A word like ‘indistinguishable’

Yôn

Senior Member
English
Hello folks,

I am working on a draft of a paper, and want to say the following:

Em-dash over usage can cause the main sentence and the parts set off by the dashes to become [such that it is hard to know at times whether you are reading the main sentence, or the parts within the dashes].

I tried [indistinguishable], but it's just not exactly what I'm looking for, unless it is, in which case oops :eek:. I paged through a thesaurus, but it hasn't given me exactly what I'm looking for either. I'd prefer a word that has four syllables or fewer--which is part of the reason I don't like [indistinguishable] here.

If anyone knows of any words that could fill this purpose, I would be most glad to hear them.

Thank you so much,
Jon
 
  • cuchuflete

    Senior Member
    EEUU-inglés
    Hello Yôn,

    Do you want a word which means something close to indistinguishable? You have give us a preferred syllable count, but little clue as to the meaning you want.

    I would suggest you hyphenate over-usage—the lack of a hyphen may create ambiguity—and that you tell us more precisely what meaning you wish to convey.

    For those not familiar with typographers' terms, am em-dash is the long one I used in the sentence above.
    This is an en-dash: – and this is an em-dash: —.



    -

    Above are—top to bottom—an em-dash, an en-dash, and a dash.
     

    Harry Batt

    Senior Member
    USA English
    Hello from Minneapolis Yon. I want to be sure that your question is whether there is a word that would express what I've copied in italics?

    such that it is hard to know at times whether you are reading the main sentence, or the parts within the dashes].
     

    Yôn

    Senior Member
    English
    Thank you, Harry. :)

    Yes, the italicized part you copied is what I am trying to find a word for. In a very long sentence, this is what I am trying to say with my phrase:

    When you put in too many em-dashes, it can sometimes get the reader lost. I'm sure we've read something with too many em-dashes where we get part way through the sentence and we think, ‘am I reading the main sentence, or is this another part that was offset by em-dashes?’ Then, we must go back and count how many em-dashes we've seen in the sentence in order to figure out whether we are inside of an em-dash ‘clause’ or outside of it reading the rest of the sentence. This inability to keep track of whether we are reading the main sentence or the em-dashed part of the sentence because there are too many em-dashes is what I am trying convey with the word I need.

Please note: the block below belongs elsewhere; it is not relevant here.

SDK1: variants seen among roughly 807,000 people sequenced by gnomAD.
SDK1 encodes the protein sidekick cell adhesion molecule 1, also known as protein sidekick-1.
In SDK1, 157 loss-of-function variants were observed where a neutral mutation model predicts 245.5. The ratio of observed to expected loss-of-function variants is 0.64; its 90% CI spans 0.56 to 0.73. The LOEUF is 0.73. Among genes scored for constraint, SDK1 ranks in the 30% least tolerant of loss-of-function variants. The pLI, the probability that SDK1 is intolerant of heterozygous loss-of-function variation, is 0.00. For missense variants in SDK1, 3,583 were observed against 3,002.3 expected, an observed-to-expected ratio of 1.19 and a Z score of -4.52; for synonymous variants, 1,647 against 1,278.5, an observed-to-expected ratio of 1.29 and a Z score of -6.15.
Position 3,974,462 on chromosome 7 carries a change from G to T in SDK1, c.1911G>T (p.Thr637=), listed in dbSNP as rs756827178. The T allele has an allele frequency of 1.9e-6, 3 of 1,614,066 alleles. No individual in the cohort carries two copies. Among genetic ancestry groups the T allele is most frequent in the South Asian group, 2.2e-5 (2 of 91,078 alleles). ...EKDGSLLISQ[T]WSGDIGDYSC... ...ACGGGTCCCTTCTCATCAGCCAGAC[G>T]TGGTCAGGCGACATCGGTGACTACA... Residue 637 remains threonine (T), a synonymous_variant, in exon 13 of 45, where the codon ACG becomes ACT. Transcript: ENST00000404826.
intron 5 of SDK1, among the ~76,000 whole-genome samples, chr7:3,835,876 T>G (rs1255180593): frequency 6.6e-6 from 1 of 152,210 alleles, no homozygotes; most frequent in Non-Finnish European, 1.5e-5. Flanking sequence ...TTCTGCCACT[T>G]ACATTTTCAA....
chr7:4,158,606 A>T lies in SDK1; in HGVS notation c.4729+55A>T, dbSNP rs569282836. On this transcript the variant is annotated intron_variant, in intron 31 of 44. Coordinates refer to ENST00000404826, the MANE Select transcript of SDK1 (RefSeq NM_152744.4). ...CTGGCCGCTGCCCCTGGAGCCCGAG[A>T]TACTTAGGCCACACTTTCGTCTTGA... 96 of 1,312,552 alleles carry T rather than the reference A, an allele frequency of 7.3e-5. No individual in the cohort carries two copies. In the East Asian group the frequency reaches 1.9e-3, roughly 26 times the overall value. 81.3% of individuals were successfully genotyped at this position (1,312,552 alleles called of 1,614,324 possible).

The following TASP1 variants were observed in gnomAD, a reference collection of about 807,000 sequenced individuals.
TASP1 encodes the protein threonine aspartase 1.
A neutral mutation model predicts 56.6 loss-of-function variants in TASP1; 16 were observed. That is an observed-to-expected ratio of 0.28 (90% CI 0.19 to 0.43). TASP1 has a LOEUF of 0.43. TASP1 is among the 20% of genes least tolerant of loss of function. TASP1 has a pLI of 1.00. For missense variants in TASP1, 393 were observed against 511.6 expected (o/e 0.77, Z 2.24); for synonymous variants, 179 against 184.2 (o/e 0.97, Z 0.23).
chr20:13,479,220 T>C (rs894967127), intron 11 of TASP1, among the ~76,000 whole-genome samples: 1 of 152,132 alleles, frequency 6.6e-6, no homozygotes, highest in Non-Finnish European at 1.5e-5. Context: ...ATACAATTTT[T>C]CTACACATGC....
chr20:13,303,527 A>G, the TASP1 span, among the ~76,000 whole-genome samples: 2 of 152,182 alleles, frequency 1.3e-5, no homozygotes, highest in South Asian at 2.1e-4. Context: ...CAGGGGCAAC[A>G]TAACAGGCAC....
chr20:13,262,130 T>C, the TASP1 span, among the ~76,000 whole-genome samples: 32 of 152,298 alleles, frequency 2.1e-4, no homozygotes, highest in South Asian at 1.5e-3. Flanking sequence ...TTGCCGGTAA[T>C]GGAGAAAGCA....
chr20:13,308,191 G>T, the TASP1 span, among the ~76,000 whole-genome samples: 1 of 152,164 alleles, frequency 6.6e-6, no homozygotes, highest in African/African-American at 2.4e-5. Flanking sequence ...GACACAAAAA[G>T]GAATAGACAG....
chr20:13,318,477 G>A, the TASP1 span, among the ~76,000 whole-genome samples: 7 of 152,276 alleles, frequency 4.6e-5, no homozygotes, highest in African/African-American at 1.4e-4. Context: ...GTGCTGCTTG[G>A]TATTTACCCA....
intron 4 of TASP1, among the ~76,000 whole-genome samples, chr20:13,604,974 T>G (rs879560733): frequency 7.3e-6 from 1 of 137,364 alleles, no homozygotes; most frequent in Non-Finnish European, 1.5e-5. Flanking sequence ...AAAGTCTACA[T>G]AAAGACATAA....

I hope that clears things up, and I hope things are going swell down there for you :).


    Thanks,
    Jon
     

    Yôn

    Senior Member
    English
    Hello Yôn,

    ...

    I would suggest you hyphenate over-usage—the lack of a hyphen may create ambiguity—and that you tell us more precisely what meaning you wish to convey.


    Thank you, cuchuflete, for the suggestion. Also, thank you for clarifying what an em-dash, en-dash, and dash/hyphen are for those who might not know.

    Jon
     

    Harry Batt

    Senior Member
    USA English
    Yon, since you sound discontened with dashes a figurative expression might convey your thoughts, eg., "to become a quagmire of thought."
     

    Yôn

    Senior Member
    English
    Yon, since you sound discontened with dashes a figurative expression might convey your thoughts, eg., "to become a quagmire of thought."

    Actually, I love em-dashes. The draft of the paper is meant to be an analysis of my own writing. I will look into phrases, but would prefer not to use figurative expressions... especially when I don't even understand them :eek:.


    Thanks much,
    Jon :)
     
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